Fuel Purchase Rebates for Pilots

AOPA changes its program, I go to BP.

For years, I’ve been using my AOPA MasterCard to purchase fuel at FBOs. At first, the program offered 3% rebate on all purchases at participating FBOs. Then that percentage jumped to 5%. Since it cost nothing for an FBO to participate, just about all of them did.

Among the participating FBOs were flight schools. I earned rebate dollars on all of my helicopter flight training. Since most flight schools also do maintenance, I also earned rebates on most of my helicopter maintenance and repairs. Now we’re talking big bucks. With an annual inspection costing $2,000 or more, 5% is a truly welcome discount.

The AOPA rebate program had two problems, as far as I was concerned:

  • Rebates were not automatic. You had to go to the MBNA Web site (later the BofA Web site) to indicate which transactions were eligible. Although they probably assumed you’d look up all the FBOs in their list, I never did. I just checked off all the transactions — after all, I only used the card to buy aviation-related things — and let them figure out what was eligible or not. It was a pain in the butt because it required a trip to the Web site each month. If you forgot, that was okay — you could always do it later. But it was an extra step just to get the money.
  • Rebates were limited to $250 per year. If you do the math, that means only $5,000 of purchases could earn the rebate. I’d easily reach the limit by September or October each year. A helicopter flight student could reach it in a month or two, depending on his schedule. It would have been nicer if there were no limit.

On the plus side, the rebates, once requested and verified, showed up on the following credit card statement as a reduction of the account balance. I liked to think about it as a fuel discount and that’s how I accounted for it in my accounting records — a reduction of fuel expenses.

Well, the AOPA MasterCard moved to BofA when BofA bought MBNA. (Sounds like alphabet soup.) And they — either AOPA or BofA — decided to change the program. They now have some kind of point system that you can use to buy merchandise. Or something like that. Frankly, I didn’t look into the details. I don’t want points. I want dollars. I want to reduce my operating expenses.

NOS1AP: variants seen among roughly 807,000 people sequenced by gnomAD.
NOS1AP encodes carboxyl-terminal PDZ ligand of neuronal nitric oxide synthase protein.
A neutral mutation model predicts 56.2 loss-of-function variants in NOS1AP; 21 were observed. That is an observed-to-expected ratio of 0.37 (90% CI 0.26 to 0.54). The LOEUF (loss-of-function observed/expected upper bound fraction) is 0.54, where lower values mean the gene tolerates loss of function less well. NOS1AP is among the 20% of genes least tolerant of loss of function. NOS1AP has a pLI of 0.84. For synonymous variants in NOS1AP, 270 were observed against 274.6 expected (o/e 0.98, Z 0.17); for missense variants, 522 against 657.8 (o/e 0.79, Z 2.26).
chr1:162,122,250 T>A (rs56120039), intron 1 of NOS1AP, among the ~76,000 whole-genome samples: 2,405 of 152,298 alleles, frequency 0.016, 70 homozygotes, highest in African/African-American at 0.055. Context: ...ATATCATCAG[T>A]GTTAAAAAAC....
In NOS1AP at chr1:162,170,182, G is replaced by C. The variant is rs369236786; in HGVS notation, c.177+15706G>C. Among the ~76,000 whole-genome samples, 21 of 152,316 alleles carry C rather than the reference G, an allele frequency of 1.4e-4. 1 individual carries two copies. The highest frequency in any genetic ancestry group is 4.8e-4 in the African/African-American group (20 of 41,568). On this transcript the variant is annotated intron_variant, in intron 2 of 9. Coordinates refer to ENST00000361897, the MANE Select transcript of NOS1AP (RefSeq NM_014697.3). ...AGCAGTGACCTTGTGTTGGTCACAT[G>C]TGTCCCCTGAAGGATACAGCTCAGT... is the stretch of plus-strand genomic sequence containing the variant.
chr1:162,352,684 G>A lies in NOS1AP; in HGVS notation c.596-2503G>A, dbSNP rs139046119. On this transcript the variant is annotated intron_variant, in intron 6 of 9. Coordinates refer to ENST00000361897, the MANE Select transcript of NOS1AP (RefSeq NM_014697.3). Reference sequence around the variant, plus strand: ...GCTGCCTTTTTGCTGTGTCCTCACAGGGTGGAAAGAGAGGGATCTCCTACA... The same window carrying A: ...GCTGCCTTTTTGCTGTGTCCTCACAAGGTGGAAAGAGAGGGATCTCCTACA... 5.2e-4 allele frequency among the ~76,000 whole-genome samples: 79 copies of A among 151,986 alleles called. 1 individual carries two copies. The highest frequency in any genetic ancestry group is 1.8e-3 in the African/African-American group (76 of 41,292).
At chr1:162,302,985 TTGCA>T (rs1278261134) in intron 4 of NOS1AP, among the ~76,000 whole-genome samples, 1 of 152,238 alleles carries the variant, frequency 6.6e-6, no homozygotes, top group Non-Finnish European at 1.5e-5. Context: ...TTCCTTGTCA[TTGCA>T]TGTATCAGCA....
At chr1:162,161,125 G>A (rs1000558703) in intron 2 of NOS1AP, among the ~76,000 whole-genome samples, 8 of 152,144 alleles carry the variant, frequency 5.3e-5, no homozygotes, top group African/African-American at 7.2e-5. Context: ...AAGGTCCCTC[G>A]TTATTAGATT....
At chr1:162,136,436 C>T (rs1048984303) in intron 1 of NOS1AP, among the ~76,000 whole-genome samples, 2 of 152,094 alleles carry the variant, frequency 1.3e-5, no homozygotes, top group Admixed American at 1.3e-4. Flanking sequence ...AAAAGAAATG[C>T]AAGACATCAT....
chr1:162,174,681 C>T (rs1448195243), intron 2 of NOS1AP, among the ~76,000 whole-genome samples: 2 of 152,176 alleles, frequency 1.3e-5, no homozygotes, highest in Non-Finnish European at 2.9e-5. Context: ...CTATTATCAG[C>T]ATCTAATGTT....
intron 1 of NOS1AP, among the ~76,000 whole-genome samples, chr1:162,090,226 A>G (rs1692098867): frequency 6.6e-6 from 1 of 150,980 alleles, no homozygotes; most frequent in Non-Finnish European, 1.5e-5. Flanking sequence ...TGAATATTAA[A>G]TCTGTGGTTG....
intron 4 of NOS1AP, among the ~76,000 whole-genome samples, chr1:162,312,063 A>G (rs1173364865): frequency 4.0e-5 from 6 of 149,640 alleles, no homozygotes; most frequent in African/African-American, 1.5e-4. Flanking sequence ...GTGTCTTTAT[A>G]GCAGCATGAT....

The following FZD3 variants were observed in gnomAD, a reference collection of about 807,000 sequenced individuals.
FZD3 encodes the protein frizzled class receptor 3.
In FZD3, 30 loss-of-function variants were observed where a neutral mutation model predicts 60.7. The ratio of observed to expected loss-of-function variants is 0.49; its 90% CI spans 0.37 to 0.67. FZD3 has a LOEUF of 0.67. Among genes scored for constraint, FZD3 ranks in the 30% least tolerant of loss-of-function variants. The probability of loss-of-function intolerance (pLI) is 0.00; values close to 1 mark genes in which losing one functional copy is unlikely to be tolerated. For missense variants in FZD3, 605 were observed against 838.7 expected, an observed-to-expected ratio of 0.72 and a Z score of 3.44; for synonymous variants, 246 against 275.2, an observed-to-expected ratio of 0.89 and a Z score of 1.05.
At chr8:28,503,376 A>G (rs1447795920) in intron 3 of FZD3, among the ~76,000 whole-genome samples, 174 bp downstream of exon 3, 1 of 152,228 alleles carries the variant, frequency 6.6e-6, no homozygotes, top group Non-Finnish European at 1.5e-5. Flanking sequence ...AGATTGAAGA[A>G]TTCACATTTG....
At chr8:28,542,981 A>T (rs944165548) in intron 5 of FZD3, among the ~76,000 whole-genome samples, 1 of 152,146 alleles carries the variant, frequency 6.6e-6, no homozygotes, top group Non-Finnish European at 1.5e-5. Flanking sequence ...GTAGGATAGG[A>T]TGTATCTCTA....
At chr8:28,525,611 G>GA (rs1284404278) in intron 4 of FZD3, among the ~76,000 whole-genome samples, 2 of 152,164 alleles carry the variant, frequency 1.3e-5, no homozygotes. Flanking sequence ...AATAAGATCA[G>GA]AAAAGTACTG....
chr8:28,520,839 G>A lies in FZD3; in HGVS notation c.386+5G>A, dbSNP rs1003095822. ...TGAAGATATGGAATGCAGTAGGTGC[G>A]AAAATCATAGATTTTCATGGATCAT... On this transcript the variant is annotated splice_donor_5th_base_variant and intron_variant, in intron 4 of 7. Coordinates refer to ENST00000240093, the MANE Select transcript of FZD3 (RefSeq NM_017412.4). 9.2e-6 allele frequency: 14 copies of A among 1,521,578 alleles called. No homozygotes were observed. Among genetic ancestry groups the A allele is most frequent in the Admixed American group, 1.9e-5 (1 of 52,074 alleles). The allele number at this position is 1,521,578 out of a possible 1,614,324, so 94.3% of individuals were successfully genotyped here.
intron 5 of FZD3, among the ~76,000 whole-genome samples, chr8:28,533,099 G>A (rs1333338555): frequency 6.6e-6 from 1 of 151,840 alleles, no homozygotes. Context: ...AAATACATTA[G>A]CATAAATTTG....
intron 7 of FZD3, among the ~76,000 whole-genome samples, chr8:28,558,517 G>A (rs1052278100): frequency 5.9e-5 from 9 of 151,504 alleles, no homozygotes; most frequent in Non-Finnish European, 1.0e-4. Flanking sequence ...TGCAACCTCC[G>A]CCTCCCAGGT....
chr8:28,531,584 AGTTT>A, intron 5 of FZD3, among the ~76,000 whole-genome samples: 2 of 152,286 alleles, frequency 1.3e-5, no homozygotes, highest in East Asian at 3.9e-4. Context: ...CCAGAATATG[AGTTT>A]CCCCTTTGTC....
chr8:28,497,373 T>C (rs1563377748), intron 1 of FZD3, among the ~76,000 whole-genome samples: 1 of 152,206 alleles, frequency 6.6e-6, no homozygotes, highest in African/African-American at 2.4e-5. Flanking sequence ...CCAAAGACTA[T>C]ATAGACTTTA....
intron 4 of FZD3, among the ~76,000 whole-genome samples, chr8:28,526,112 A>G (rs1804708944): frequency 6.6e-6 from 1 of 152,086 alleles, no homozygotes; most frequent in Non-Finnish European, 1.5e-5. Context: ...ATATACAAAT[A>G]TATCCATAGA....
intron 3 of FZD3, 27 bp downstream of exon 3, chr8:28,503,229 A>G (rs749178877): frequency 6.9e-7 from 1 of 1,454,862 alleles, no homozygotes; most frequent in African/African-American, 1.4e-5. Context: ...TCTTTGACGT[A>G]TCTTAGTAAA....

Meanwhile, when I switched my maintenance to Silver State in Mesa (at Williams Gateway airport), I discovered that BP, which the FBO there represents, had a 5% rebate credit card with no limit that applied a sliding scale rate to purchases: 5% of BP purchases (at airports or auto gas stations), 2% of travel and dining, and 1% of other expenditures. Since BP is relatively common around airports, I signed up for the card and got it. Now I use that for most of my aviation-related expenses.

Well, it turns out that this Rebate program isn’t quite as convenient as it could be, either. (I think that’s how they get you — make it such a pain in the butt that you don’t bother claiming the rebate.) In order to get the rebate I have to:

  1. Create an account on the Chase.com Web site. (A one-time deal.)
  2. Log into my account periodically.
  3. Navigate to the Claim My Rewards area, which isn’t exactly easy to find.
  4. Use a shopping cart to “buy” rewards using my earned points. The options are a $25 BP Card (costing 25 points) that can only be used at BP gas stations (like I want one of those), a $25 check (costing 25 points), or a donation to charity (costing 25 points). Of course, since you can only buy in increments of 25 points, you’ll always have a balance leftover.
  5. Wait for the check(s) to arrive.
  6. Take the check(s) to the bank and deposit them.

Obviously, this isn’t the best solution either. But it does reduce my operating costs, so I do get the desired end result.

What I should do is look for a good rebate card that works everywhere and doesn’t make you work to get the rebate dollars. I’m sure they’re out there, but since I really hate applying for and having credit cards, I haven’t looked for them. I guess that should go on my To Do list for this year, right after clean off my desk.

Any suggestions? Use the Comments feature to let us know.

2 thoughts on “Fuel Purchase Rebates for Pilots

  1. Hi Maria,

    The changeover of the AOPA rebate card is a bummer. Have you found any card that works better than BP. I’m looking for a replacement for AOPA that gives no hassle cash back, and works for aviation fuel and maintenance, etc. and also for automobile fuel. Thanks.

    Mike

  2. I’ve also been looking for a new card. Oddly enough, however, when I logged into my AOPA card’s account the other day, it still offered the option of getting a rebate. So I don’t know what’s going on.

    BP’s card is good for BP fuel (5% discount or rebate; I’m not sure), dining (3&), and other purchases (1%). I know that a lot of FBOs offer a discount if you buy fuel with their credit card. For example, an FBO at Lake Havasu is Chevron; you save 10 cents a gallon when you pay with a Chevron card. Gives me the idea of filling my helicopter with credit cards. Certainly not an ideal solution.

What do you think?